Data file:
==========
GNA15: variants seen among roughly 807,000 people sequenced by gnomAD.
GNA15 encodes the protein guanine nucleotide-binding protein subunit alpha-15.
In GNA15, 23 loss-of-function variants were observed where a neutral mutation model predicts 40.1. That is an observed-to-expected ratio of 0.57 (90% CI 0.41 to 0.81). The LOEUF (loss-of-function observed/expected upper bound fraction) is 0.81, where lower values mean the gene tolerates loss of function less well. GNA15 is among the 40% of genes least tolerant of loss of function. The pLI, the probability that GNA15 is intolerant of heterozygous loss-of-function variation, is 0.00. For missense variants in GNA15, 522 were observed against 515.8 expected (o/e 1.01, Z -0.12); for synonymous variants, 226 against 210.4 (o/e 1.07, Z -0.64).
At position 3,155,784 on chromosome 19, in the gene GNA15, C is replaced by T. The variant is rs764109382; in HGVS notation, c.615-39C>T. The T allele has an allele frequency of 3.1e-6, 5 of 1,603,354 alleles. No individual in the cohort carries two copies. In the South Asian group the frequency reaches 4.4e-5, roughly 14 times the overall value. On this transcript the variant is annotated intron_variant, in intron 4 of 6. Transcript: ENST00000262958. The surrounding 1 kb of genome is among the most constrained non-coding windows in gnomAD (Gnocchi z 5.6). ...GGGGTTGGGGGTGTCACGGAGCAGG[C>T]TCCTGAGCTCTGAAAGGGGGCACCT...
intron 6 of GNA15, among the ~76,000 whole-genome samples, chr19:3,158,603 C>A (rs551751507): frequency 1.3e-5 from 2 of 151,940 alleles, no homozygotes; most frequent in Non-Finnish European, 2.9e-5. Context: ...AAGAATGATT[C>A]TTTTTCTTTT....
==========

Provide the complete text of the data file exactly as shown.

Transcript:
GNA15: variants seen among roughly 807,000 people sequenced by gnomAD.
GNA15 encodes the protein guanine nucleotide-binding protein subunit alpha-15.
In GNA15, 23 loss-of-function variants were observed where a neutral mutation model predicts 40.1. That is an observed-to-expected ratio of 0.57 (90% CI 0.41 to 0.81). The LOEUF (loss-of-function observed/expected upper bound fraction) is 0.81, where lower values mean the gene tolerates loss of function less well. GNA15 is among the 40% of genes least tolerant of loss of function. The pLI, the probability that GNA15 is intolerant of heterozygous loss-of-function variation, is 0.00. For missense variants in GNA15, 522 were observed against 515.8 expected (o/e 1.01, Z -0.12); for synonymous variants, 226 against 210.4 (o/e 1.07, Z -0.64).
At position 3,155,784 on chromosome 19, in the gene GNA15, C is replaced by T. The variant is rs764109382; in HGVS notation, c.615-39C>T. The T allele has an allele frequency of 3.1e-6, 5 of 1,603,354 alleles. No individual in the cohort carries two copies. In the South Asian group the frequency reaches 4.4e-5, roughly 14 times the overall value. On this transcript the variant is annotated intron_variant, in intron 4 of 6. Transcript: ENST00000262958. The surrounding 1 kb of genome is among the most constrained non-coding windows in gnomAD (Gnocchi z 5.6). ...GGGGTTGGGGGTGTCACGGAGCAGG[C>T]TCCTGAGCTCTGAAAGGGGGCACCT...
intron 6 of GNA15, among the ~76,000 whole-genome samples, chr19:3,158,603 C>A (rs551751507): frequency 1.3e-5 from 2 of 151,940 alleles, no homozygotes; most frequent in Non-Finnish European, 2.9e-5. Context: ...AAGAATGATT[C>A]TTTTTCTTTT....